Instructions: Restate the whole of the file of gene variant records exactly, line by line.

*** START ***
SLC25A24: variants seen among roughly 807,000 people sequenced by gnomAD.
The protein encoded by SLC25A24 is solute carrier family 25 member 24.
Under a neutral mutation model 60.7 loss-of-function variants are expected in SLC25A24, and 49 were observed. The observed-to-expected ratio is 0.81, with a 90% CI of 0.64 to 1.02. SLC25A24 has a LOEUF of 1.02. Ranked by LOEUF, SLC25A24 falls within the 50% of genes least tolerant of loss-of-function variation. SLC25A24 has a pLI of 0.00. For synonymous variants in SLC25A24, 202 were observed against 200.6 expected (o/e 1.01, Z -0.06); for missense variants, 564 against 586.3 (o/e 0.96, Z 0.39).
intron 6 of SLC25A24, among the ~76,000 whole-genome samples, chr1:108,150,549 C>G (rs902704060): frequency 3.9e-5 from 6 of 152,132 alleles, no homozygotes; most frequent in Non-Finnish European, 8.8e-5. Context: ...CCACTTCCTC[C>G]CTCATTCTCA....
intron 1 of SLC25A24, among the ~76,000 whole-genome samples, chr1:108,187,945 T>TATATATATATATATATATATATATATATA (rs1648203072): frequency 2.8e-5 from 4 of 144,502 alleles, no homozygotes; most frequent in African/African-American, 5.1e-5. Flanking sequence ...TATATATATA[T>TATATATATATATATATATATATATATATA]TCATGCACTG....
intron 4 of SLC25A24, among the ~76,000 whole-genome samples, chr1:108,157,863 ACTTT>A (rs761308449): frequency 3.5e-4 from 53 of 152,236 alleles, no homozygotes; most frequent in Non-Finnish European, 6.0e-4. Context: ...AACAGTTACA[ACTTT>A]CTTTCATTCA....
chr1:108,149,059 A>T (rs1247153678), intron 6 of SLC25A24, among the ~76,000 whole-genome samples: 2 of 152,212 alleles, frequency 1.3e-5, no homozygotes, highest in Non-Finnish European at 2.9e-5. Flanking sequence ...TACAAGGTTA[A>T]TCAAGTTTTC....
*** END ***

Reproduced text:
SLC25A24: variants seen among roughly 807,000 people sequenced by gnomAD.
The protein encoded by SLC25A24 is solute carrier family 25 member 24.
Under a neutral mutation model 60.7 loss-of-function variants are expected in SLC25A24, and 49 were observed. The observed-to-expected ratio is 0.81, with a 90% CI of 0.64 to 1.02. SLC25A24 has a LOEUF of 1.02. Ranked by LOEUF, SLC25A24 falls within the 50% of genes least tolerant of loss-of-function variation. SLC25A24 has a pLI of 0.00. For synonymous variants in SLC25A24, 202 were observed against 200.6 expected (o/e 1.01, Z -0.06); for missense variants, 564 against 586.3 (o/e 0.96, Z 0.39).
intron 6 of SLC25A24, among the ~76,000 whole-genome samples, chr1:108,150,549 C>G (rs902704060): frequency 3.9e-5 from 6 of 152,132 alleles, no homozygotes; most frequent in Non-Finnish European, 8.8e-5. Context: ...CCACTTCCTC[C>G]CTCATTCTCA....
intron 1 of SLC25A24, among the ~76,000 whole-genome samples, chr1:108,187,945 T>TATATATATATATATATATATATATATATA (rs1648203072): frequency 2.8e-5 from 4 of 144,502 alleles, no homozygotes; most frequent in African/African-American, 5.1e-5. Flanking sequence ...TATATATATA[T>TATATATATATATATATATATATATATATA]TCATGCACTG....
intron 4 of SLC25A24, among the ~76,000 whole-genome samples, chr1:108,157,863 ACTTT>A (rs761308449): frequency 3.5e-4 from 53 of 152,236 alleles, no homozygotes; most frequent in Non-Finnish European, 6.0e-4. Context: ...AACAGTTACA[ACTTT>A]CTTTCATTCA....
chr1:108,149,059 A>T (rs1247153678), intron 6 of SLC25A24, among the ~76,000 whole-genome samples: 2 of 152,212 alleles, frequency 1.3e-5, no homozygotes, highest in Non-Finnish European at 2.9e-5. Flanking sequence ...TACAAGGTTA[A>T]TCAAGTTTTC....